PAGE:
Retailers have noticed a disturbing trend of the past few months. Many of the people visiting their stores are browsing but not spending any money… At least, not at your store. They’re still spending their money… just online. These customers go to shops and then whip out thier smart phones to find cheaper prices for items they discover there. The nickname for this behavior is “showrooming,” where the store is a place for picking out items… just not for buying them.

This has become an especially painful phenomenon for booksellers, made worse when online retailer Amazon added a barcode scanner to thier mobile app last fall. This addition, combined with one-click checkout, zero sales tax and low shipping prices (or, in the case of Amazon Prime customers, free shipping), made it almost effortless for customers to save money and order items from Amazon and not the bookstore. A recent study stated that 4 out of 10 Amazon customers have browsed retailers to look at an item before buying it from Amazon. It’s not just books, either – Best Buy is seeing the same phenomenon for consumer electronics, and even the big box retailers such as Target and Wal-Mart are seeing customers comparison shop with thier mobile phones.

This is not just a problem for retailers – it’s also an problem websites have long faced, where the offerings or products sold there that can easily and quickly be compared with others at the click of the mouse. So, whether you sell a physical good or software, have a store or a storefront, here’s some ways you can avoid “showrooming” and keep

Technology doesn’t care. Don’t complain about “showrooming”, it is not going away. The technology will, if anything, be more and more ubiquitous in the years to come. Man up and realize that you can’t change this.

Empasize the “now” and “quick checkout”. No matter what your “storefront” is, emphasize the fact that you can get the item RIGHT NOW, and with no waiting. Make sure your “checkout” process is streamlined and quick (which means if you own a retail store you have enough staff on hand to ensure purchases are quick and with no waiting).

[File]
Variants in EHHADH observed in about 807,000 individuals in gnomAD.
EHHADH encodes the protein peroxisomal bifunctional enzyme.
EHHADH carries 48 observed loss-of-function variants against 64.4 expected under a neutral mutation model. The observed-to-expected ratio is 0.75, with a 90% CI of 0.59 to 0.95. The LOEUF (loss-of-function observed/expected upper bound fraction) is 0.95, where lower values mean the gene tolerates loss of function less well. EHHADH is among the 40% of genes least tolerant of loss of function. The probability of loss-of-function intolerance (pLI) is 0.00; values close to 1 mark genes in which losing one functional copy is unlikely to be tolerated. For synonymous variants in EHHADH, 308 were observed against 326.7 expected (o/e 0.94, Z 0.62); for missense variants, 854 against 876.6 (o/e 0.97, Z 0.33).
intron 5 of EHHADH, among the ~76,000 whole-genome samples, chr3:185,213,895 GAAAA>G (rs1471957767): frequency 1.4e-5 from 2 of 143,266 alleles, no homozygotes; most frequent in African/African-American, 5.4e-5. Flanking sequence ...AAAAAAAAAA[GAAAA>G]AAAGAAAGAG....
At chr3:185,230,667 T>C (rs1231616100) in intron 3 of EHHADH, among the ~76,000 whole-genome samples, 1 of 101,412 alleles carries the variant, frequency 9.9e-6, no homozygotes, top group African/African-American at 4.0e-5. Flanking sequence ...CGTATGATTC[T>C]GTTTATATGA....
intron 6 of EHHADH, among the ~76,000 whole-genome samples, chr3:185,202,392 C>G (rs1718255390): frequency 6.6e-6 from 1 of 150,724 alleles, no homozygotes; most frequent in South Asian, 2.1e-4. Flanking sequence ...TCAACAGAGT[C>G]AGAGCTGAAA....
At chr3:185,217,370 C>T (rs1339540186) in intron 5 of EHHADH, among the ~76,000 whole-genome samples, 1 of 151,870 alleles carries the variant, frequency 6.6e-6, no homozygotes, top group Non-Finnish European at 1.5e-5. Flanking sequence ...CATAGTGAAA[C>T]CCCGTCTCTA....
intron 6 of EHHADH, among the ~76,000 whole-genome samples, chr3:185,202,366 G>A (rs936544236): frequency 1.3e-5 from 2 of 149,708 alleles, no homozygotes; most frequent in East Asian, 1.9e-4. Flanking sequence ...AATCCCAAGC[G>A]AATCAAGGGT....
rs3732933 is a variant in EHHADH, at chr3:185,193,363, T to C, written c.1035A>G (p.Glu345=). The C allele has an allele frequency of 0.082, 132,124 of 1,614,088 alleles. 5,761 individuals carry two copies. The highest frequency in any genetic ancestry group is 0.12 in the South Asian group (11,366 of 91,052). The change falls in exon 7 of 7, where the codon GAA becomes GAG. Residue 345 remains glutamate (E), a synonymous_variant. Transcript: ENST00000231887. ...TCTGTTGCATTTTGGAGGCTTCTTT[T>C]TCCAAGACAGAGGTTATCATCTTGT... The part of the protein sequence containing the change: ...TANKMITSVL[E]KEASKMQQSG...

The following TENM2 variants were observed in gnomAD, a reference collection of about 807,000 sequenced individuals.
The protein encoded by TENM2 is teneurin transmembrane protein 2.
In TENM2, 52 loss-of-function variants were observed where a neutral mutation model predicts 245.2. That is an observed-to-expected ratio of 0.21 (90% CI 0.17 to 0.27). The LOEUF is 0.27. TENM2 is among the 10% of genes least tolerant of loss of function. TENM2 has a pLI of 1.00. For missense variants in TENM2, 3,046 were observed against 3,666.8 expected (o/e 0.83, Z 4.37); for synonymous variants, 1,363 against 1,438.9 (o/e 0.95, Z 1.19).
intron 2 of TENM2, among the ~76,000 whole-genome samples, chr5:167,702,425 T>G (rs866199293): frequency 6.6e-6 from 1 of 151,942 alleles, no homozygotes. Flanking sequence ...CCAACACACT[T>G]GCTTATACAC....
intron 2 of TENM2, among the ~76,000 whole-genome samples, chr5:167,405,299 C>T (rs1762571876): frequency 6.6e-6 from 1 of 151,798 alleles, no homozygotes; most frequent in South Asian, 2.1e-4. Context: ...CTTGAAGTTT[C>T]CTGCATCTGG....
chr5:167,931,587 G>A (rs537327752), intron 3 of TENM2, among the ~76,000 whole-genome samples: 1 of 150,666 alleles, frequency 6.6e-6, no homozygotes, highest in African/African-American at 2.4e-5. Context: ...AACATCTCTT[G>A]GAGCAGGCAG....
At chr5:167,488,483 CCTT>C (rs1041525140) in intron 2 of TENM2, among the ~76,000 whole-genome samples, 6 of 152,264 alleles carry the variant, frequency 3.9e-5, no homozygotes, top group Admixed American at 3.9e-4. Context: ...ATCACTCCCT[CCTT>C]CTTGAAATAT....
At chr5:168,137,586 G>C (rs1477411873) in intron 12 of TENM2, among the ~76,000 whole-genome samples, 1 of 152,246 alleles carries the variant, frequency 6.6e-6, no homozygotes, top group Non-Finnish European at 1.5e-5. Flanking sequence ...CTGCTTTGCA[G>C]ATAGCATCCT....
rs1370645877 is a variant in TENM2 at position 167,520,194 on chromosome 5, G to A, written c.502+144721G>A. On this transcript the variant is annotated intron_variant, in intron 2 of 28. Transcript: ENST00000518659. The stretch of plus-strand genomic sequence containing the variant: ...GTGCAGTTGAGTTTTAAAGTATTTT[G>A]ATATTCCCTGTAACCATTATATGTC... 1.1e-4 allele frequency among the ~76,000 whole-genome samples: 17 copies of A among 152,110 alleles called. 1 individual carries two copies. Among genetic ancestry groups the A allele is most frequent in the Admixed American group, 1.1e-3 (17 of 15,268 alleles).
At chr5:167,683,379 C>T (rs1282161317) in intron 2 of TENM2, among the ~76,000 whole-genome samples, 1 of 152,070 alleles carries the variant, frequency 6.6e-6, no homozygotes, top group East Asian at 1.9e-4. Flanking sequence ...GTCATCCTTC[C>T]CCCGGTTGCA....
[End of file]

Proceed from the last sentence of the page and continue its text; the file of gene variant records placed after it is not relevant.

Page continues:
Reward loyalty, forever. The whole idea of a “loyalty program” is so simple we forget how effective it is: Reward repeat customers. Get a free coffee or donut with your nth purchase. Get free perks like no bag fees and free upgrades. Get faster “check-ins.” And so on. It costs a lot more to aquire a new customer than to retain an old one. Loyalty programs not only help retain customers, but also influence behavior in many individuals (paying more to retain earned “status,” for example). And once you set up a loyalty program, never take perks away… you’ll upset the most loyal customers by doing so.

Focus on what you are really “selling.” I did a large research project many years ago for a cellular phone company who was looking to roll out a new point of sale system in their stores. I went to several of these stores to study the inetractions customers had with people who came in the stores, and quickly found out that stores weren’t selling phones at all – they were customer support centers, and what they really needed was a better designed account lookup program and knowledge base. You may be trying to sell the wrong thing… Case in point: staff at Apple stores don’t really “sell” thier computers or ipods, they are trained to solve customer problems… and that often ends up in a sale.